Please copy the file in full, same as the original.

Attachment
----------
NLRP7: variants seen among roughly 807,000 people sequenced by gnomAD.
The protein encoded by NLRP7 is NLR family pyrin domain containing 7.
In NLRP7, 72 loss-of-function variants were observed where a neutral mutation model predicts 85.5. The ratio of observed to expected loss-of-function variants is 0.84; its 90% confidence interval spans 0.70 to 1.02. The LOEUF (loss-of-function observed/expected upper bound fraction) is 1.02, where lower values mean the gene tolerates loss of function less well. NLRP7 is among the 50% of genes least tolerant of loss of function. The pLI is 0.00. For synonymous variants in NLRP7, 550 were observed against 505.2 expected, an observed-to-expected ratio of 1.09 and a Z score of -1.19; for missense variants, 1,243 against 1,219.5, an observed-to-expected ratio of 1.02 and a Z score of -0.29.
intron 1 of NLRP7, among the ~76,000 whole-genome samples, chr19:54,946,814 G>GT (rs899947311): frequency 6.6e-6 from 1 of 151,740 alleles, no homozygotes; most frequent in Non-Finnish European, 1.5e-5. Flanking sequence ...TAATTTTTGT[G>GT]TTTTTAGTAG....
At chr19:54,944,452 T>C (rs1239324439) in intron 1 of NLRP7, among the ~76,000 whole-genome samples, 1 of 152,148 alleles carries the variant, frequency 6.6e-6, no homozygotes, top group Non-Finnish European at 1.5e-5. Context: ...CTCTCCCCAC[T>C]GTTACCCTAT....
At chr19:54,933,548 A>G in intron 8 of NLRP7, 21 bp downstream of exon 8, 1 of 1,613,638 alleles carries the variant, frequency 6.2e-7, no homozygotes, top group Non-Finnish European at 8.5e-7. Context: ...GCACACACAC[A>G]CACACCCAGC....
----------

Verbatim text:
NLRP7: variants seen among roughly 807,000 people sequenced by gnomAD.
The protein encoded by NLRP7 is NLR family pyrin domain containing 7.
In NLRP7, 72 loss-of-function variants were observed where a neutral mutation model predicts 85.5. The ratio of observed to expected loss-of-function variants is 0.84; its 90% confidence interval spans 0.70 to 1.02. The LOEUF (loss-of-function observed/expected upper bound fraction) is 1.02, where lower values mean the gene tolerates loss of function less well. NLRP7 is among the 50% of genes least tolerant of loss of function. The pLI is 0.00. For synonymous variants in NLRP7, 550 were observed against 505.2 expected, an observed-to-expected ratio of 1.09 and a Z score of -1.19; for missense variants, 1,243 against 1,219.5, an observed-to-expected ratio of 1.02 and a Z score of -0.29.
intron 1 of NLRP7, among the ~76,000 whole-genome samples, chr19:54,946,814 G>GT (rs899947311): frequency 6.6e-6 from 1 of 151,740 alleles, no homozygotes; most frequent in Non-Finnish European, 1.5e-5. Flanking sequence ...TAATTTTTGT[G>GT]TTTTTAGTAG....
At chr19:54,944,452 T>C (rs1239324439) in intron 1 of NLRP7, among the ~76,000 whole-genome samples, 1 of 152,148 alleles carries the variant, frequency 6.6e-6, no homozygotes, top group Non-Finnish European at 1.5e-5. Context: ...CTCTCCCCAC[T>C]GTTACCCTAT....
At chr19:54,933,548 A>G in intron 8 of NLRP7, 21 bp downstream of exon 8, 1 of 1,613,638 alleles carries the variant, frequency 6.2e-7, no homozygotes, top group Non-Finnish European at 8.5e-7. Context: ...GCACACACAC[A>G]CACACCCAGC....